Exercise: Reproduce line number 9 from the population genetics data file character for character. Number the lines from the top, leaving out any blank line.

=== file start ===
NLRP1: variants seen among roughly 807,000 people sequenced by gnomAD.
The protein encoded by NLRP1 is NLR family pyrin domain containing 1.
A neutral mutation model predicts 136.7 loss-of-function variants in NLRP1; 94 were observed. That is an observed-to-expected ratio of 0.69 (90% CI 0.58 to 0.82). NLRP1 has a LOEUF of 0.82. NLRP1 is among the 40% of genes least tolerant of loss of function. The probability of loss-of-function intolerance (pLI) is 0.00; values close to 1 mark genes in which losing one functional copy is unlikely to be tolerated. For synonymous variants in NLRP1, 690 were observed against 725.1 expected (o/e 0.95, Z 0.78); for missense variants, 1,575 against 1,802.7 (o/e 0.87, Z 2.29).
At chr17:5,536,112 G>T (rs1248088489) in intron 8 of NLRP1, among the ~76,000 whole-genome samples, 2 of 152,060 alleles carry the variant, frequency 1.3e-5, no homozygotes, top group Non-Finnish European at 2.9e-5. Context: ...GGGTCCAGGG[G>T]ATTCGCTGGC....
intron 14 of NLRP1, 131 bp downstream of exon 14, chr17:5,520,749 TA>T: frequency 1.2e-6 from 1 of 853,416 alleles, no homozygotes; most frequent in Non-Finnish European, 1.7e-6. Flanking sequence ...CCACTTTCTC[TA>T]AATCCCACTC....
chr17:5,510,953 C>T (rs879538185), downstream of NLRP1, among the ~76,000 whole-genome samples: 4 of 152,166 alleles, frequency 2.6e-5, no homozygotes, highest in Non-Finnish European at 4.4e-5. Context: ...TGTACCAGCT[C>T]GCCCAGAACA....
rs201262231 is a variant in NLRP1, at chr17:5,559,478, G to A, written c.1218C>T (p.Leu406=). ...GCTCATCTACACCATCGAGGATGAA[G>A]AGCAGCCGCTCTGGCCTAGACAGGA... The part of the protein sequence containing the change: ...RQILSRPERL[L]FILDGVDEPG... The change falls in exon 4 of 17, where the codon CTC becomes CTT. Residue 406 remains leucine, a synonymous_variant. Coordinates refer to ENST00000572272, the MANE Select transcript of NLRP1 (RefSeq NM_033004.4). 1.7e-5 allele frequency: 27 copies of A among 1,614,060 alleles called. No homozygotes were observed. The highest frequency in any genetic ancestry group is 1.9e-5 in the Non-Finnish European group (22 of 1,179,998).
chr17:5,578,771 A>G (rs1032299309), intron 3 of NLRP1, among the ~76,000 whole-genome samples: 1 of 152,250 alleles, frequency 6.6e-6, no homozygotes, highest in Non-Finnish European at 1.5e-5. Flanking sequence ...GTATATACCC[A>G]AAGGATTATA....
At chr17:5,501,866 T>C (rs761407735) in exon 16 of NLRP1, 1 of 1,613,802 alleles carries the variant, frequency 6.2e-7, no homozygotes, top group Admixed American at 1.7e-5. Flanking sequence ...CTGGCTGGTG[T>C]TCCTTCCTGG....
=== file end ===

At chr17:5,501,866 T>C (rs761407735) in exon 16 of NLRP1, 1 of 1,613,802 alleles carries the variant, frequency 6.2e-7, no homozygotes, top group Admixed American at 1.7e-5. Flanking sequence ...CTGGCTGGTG[T>C]TCCTTCCTGG....